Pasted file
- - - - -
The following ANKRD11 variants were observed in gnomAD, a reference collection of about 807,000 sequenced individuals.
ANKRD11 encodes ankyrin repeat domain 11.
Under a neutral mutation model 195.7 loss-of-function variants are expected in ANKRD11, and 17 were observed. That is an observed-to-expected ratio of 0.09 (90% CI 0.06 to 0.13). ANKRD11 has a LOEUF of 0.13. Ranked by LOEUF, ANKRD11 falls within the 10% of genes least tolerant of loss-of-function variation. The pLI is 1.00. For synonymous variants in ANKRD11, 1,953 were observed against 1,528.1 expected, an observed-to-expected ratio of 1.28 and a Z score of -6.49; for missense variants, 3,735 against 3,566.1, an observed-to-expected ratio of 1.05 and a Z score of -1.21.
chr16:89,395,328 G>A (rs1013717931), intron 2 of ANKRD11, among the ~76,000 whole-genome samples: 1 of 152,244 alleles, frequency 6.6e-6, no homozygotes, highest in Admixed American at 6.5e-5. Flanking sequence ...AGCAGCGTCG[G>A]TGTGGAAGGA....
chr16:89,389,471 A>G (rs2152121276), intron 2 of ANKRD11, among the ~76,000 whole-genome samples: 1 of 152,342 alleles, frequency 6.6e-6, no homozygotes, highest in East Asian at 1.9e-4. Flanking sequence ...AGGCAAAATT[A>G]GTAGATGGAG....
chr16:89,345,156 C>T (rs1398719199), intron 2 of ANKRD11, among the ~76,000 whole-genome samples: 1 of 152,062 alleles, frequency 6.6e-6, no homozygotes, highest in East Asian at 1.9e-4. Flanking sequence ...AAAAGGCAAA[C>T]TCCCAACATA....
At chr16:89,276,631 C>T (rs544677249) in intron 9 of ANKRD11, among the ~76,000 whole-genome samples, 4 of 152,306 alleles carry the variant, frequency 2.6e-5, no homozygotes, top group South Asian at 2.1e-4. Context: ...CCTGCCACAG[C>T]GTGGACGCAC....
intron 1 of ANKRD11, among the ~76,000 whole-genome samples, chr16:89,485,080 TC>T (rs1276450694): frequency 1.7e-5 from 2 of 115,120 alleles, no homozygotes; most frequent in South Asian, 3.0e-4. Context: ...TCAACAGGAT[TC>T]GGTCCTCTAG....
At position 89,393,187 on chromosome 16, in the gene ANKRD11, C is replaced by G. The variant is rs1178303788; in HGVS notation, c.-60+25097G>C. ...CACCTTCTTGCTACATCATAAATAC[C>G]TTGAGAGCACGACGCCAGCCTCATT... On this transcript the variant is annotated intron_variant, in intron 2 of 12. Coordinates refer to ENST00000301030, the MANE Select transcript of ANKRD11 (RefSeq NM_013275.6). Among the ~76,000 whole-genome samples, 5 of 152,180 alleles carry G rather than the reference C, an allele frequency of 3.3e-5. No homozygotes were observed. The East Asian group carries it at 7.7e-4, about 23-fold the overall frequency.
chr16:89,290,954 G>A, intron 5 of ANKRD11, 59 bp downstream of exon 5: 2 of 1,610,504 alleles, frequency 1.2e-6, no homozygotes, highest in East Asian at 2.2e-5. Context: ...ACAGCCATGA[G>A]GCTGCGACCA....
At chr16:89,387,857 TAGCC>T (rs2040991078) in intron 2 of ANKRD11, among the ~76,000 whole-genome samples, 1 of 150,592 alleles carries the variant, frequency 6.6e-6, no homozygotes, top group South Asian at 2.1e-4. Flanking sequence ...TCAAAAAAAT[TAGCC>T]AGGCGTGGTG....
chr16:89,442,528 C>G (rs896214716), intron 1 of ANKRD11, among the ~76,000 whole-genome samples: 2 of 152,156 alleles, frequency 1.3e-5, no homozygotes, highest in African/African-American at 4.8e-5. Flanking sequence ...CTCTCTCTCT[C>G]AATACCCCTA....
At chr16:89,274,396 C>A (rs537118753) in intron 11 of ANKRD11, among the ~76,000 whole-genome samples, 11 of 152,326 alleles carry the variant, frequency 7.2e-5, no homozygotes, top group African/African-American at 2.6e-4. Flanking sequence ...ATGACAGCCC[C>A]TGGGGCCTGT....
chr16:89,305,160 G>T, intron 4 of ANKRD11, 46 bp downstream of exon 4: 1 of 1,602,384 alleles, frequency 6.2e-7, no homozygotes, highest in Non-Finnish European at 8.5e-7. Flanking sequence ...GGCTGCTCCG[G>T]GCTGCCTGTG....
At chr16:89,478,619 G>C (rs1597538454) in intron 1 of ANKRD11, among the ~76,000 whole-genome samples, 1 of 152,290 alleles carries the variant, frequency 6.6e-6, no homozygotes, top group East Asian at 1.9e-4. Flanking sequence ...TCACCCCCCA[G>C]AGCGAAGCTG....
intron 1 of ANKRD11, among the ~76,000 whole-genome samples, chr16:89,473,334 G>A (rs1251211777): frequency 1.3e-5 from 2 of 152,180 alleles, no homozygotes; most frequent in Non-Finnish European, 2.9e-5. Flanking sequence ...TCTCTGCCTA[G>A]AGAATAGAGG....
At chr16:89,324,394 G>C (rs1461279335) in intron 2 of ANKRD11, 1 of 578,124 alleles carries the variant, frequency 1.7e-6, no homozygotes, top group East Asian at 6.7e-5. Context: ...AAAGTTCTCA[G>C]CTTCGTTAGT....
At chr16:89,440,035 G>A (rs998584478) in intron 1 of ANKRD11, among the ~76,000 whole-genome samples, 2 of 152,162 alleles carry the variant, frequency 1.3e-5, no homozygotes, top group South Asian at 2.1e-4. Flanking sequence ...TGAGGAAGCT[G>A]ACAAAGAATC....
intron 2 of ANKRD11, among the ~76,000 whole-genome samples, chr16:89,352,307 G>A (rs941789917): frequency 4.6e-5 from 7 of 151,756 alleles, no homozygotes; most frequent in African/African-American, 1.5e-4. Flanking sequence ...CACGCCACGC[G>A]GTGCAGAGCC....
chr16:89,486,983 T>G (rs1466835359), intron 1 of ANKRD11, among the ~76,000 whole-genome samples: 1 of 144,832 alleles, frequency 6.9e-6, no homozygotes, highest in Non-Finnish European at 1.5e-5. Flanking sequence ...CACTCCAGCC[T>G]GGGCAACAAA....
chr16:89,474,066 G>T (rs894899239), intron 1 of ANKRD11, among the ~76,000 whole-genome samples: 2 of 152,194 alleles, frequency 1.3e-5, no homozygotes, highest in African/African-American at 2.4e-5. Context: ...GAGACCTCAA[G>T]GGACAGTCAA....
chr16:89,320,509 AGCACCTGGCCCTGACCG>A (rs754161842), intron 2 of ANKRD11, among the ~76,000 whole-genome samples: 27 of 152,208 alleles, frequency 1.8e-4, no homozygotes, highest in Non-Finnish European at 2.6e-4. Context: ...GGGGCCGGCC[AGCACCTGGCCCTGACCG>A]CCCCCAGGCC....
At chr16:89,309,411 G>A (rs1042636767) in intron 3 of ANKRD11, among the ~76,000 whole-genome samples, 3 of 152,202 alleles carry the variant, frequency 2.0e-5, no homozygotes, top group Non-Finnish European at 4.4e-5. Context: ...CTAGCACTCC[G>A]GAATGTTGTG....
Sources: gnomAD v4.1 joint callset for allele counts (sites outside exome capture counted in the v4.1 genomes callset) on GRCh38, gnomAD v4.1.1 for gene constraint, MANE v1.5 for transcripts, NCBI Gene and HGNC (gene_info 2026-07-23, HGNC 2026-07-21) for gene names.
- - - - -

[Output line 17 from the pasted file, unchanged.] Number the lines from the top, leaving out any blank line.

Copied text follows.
At chr16:89,324,394 G>C (rs1461279335) in intron 2 of ANKRD11, 1 of 578,124 alleles carries the variant, frequency 1.7e-6, no homozygotes, top group East Asian at 6.7e-5. Context: ...AAAGTTCTCA[G>C]CTTCGTTAGT....